Auckland Transport urged to provide easy compensation

By Mathew Dearnaley

File photo / Richard Robinson.
File photo / Richard Robinson.

Auckland Transport is being urged by planning commissioners to provide an easy compensation scheme for businesses losing major custom during construction of the city's $2.86 billion underground railway.

A hearings panel has recommended to the council body that it confirm land designations for the project, subject to any appeals to the Environment Court and conditions such as adopting a business disruption management plan for the five and a half years needed to build the tunnelled link from Britomart to Mt Eden.

But it said in a decision issued today that designations over the 3.5km route should lapse if the project is not well-advanced within 15 years - rather than 20 years initially sought by Auckland Transport - to reduce risks of "blighting" properties with prolonged uncertainty over when their owners will be allowed to redevelop them.

It rejected submissions such as from the Life church in Mt Eden Rd for the lapse period to be limited to five years, saying that would be inadequate given that full funding had yet to be secured for the project.

Although Mayor Len Brown wants construction to start in 2016, he has yet to identify alternative funding sources for the city's half-share of the cost, which the Government says it will not start matching until 2020.

Mr Brown welcomed the recommendation, and the five-member panel's acceptance that the project would bring significant overall benefits to Auckland, but councillor Cameron Brewer said the mayor's only hope of fast-tracking it lay with what he called an increasingly unlikely election victory for Labour leader David Cunliffe.

Generation Zero youth organisation spokesman Sudhvir Singh called on the Government to provide earlier support for the project and give residents and businesses certainty, now that approval had been recommended for the route designations.

Despite rejecting the church's plea, the panel has recommended that Auckland Transport work with it to ensure it can be moved to a suitable alternative central city site by the end of next year, at no cost to its 3000-member congregation.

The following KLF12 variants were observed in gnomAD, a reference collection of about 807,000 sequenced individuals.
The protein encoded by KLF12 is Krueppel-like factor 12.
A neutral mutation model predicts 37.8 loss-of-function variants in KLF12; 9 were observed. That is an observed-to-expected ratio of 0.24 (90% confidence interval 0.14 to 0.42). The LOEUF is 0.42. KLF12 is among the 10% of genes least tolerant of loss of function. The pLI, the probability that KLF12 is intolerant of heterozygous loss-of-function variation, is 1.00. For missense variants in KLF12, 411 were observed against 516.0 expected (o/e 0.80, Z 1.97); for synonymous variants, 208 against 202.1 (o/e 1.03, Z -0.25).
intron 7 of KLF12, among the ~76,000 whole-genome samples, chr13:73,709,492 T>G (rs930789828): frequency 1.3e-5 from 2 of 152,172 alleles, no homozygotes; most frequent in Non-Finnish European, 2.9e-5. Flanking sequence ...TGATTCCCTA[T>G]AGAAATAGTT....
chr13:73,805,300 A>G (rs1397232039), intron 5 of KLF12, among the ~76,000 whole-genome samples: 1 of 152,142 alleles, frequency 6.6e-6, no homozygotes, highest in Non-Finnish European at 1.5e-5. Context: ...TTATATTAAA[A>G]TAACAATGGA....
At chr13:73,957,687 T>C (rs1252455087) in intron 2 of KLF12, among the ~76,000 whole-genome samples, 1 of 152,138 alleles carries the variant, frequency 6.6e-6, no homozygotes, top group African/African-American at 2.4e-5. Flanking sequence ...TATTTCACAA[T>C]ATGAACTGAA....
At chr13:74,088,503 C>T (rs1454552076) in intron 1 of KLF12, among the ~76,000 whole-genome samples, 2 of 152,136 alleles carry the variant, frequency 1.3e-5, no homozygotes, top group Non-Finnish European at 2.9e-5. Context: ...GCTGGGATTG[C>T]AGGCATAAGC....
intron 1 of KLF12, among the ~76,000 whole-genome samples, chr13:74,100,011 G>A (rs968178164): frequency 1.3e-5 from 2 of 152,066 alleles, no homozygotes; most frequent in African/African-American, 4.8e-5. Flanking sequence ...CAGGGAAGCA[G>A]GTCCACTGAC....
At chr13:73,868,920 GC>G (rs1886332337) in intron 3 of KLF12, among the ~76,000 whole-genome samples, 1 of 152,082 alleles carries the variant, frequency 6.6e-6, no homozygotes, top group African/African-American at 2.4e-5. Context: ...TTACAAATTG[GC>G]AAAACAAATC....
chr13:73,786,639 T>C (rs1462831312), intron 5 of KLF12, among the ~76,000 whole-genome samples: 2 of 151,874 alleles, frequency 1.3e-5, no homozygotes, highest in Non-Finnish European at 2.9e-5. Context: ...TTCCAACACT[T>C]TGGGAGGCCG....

It has made a similar recommendation about re-locating the Chinese Community Centre from a site at the top end of Symonds St which is needed for building an entry to one of the project's three underground stations.

Panel chairman Alan Watson said in the decision that construction impacts could potentially ruin some small businesses close to the rail route by driving customers away, and there was need for a more readily available compensation scheme than prescribed by the Public Works Act.

The panel was therefore recommending, although only informally, that Auckland Transport set up a mechanism to provide quick and ready access to those suffering significant lost business.

"Adopting an overall broad judgement and having regard to the benefits of the project, we have concluded that the effects of the construction works on loss of customer and therefore on the economic wellbeing of some people [or] businesses do not provide sufficient justification for recommending that the notices not be confirmed," Mr Watson said

"We do consider, however, that it is unfair and arguably unsustainable for the wider community benefits of the project to be at the economic expense of individuals or businesses.

"This is a multi-million dollar project being carried out by a public body and supported by the council and the Government."

The panel rejected as impractical calls from some businesses, including the Stamford Plaza hotel and New World supermarket owner Foodstuffs, for a tunnel boring machine to drill beneath the full route, including a large section of Albert St which will be dug up for a "cut and cover" tunnel.

But it said their concerns should be addressed by proposed conditions such as for a business disruption management plan, which would ensure foot access at all times for their customers, and noise and vibration controls.

Auckland Transport is not commenting on specific recommendations during a 30-day review period when it will decide whether to confirm, amend or withdraw its designation notices.

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